View Full Version : Different film development times for different papers

14-Mar-2016, 09:07
Hi, New to large format. I have standardized on two variable contrast papers. A resin coated, that being Ilford Multigrade IV RC DE LUXE Glossy and a fiber based, that being Oriental Seagull VC-FB II Glossy.

The rc paper is relatively inexpensive and I will use it to experiment and hone my experience. The fb is a lot more expensive and I am saving it for those negatives I want to print and display

I am using a stabilized Aristo VCL 4500 dual cold light head with a Metrolux II controller.

I am shooting 4X5 Tri-x 320TXP rated at 160 and developing in daylight using a Uniroller drum and roller. I am using HC 110 1:63 dilution H for the film and Dektol 1:2 for the paper.

I have done all the testing for personal film speed, proper proof, and film development times as outlined by Fred Picker.

To produce a Zone VIII on the Ilford rc paper i have to develop my film for 4:45 minutes. This gives me a grey tone slightly darker than the paper base white.

To produce the same Zone VIII tone on the Oriental fb paper I have to develop my film for 6:00 minutes.

Here is my conundrum. I read on the threads of people printing their negative on one type of paper, not liking the colour or surface texture then switching around and using a different paper and if they don't like this then they might try the negative on a third type of paper.

How are they able to do this when my testing seems to show me that the development time for the film is very specific to the paper one is using. In my case there is a 1:15 minute film development difference between producing the same tones on the rc and fb papers.

Does one always have to decide ahead of time which paper is going to be used for the negative one is about to shoot and develop accordingly? That seems to be really limiting but I don't see any way arouind it Am I missing something?

Your comments will be greatly appreciated.

14-Mar-2016, 09:12
Your using variable contrast paper. Change the contrast filter when enlarging on the different paper.

Michael R
14-Mar-2016, 09:25

You're not really missing anything. Any time you switch papers, contrast and curve shape can change. This means Ilford MG at grade 2 likely won't have the same contrast and tone reproduction as Oriental at grade 2. If you are using variable contrast paper, you can compensate for this by changing contrast filtration. As an example, maybe to get a similar print from the same negative, you need a grade 3 filter for the Ilford paper and a grade 2 filter for Oriental. Etc.

14-Mar-2016, 12:01
Hi, Thanks for the prompt responses. I guess I was too focused on producing a negative that would print on a Grade 2 paper contrast scale without filter manipulation hence the need to make changes to my development time. Thanks for clearing all this up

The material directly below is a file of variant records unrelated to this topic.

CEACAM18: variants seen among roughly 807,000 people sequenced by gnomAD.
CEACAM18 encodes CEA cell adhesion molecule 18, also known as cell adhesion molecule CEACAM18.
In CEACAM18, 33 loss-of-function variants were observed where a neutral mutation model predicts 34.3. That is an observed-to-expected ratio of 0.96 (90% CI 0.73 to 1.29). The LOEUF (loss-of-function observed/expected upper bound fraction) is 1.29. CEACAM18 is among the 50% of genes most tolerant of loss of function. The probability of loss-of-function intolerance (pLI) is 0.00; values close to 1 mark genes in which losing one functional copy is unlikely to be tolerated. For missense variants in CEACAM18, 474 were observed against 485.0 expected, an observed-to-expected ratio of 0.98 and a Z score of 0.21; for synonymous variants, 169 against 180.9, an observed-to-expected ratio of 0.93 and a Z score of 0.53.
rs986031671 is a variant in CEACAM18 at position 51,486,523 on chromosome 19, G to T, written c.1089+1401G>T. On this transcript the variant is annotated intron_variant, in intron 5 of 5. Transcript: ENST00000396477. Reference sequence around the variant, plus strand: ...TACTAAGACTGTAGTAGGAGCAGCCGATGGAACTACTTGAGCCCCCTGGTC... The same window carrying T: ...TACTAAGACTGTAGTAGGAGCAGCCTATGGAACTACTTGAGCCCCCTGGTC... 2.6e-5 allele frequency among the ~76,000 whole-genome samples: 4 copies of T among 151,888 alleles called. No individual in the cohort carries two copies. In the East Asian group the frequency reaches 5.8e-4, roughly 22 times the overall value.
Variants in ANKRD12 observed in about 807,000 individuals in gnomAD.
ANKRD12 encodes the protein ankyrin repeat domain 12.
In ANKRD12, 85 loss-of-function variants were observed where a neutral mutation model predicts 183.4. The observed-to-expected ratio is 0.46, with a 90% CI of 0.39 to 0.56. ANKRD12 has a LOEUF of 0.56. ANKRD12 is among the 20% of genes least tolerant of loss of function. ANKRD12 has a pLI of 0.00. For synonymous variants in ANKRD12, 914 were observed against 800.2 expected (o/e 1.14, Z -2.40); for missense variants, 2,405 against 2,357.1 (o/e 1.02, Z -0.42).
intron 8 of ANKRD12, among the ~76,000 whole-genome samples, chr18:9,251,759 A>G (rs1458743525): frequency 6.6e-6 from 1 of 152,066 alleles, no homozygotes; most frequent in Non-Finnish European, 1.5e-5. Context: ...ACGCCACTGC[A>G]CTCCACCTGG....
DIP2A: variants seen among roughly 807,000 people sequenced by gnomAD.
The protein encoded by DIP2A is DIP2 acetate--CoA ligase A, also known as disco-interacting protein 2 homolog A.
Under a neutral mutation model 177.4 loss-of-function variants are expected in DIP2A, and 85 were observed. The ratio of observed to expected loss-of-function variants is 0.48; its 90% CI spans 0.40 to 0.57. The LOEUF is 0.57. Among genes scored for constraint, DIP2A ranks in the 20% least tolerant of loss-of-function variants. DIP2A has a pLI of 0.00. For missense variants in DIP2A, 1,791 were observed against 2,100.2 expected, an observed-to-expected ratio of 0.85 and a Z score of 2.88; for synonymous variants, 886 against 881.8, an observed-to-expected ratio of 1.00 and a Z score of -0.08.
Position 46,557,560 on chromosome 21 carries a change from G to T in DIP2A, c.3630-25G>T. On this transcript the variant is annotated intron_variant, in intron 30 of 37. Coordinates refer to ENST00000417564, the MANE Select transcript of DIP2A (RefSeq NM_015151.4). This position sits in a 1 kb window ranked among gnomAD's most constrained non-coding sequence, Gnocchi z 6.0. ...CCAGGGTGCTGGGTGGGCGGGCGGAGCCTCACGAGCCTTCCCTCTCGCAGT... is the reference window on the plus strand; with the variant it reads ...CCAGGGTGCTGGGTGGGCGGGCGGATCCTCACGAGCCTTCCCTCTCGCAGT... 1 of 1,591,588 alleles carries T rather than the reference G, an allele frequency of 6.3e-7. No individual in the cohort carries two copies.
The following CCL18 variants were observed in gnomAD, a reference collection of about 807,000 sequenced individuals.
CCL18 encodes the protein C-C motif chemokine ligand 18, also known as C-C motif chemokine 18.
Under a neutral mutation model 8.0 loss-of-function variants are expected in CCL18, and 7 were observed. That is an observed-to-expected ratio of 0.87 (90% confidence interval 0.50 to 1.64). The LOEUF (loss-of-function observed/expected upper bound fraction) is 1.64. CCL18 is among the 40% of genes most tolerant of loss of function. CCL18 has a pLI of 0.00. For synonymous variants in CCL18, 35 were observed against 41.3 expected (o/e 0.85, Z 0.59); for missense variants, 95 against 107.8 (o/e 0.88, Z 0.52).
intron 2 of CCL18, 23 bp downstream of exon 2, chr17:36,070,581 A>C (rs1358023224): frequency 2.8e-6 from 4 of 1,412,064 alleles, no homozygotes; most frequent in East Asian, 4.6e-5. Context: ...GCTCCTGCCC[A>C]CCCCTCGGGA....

15-Mar-2016, 08:42
Not on the paper but on the film development; a time of 4:45 is regarded as quite short, and brings the risk of uneven development, you might want to look into a higher dilution of your HC 110..



15-Mar-2016, 09:39
You should set the ISO of the film to produce the zone one density of 0.1 to 0.15 over the film base plus fog and develop to produce the zone VII density of 1.1 to 1.15 as measured with a transmission densitometer. You then change the VC paper grade as required.

16-Mar-2016, 11:42
Cor: Thanks for the advice. I had a feeling that this was a rather short developing time and figured I would start getting problems with even shorter times when I start to determine my N-1 time. I'll have to start trying out the Dilution F (1:79) or even the Dilution G (1:119).

Luis-F-S: Is there a reason that you place your high value on Zone VII and not Zone VIII? I was following Picker's advice for placement of my high values. I do have access to a densitometer. Of interest, my Zone 1 is 0.11 and my Zone VIII is 1.15. This density gives me a grey tone just slightly darker than paper white when I print on the fiber based paper and use the minimum print time to produce a maximum black. If I strive to get a negative where Zone VII is 1.15 presumably my zone VIII density would go up somewhere around 1.2 to 1.3 and I wouldn't get any tone other than paper white for my zone VIII when using the minimum print time. Would that be a correct assumption?

16-Mar-2016, 12:12
Zone VIII has no texture. Zone VII is the first hint of texture. That is the way Oliver Gagliani taught it in his workshop (which even Freddie took at one time). You are essentially doing an N-1 development by developing for a Zone VIII of 1.15, but if Zone VIII work for you, I'm good with it. At least you're checking your densities with a densitometer which 99% of photographers never do!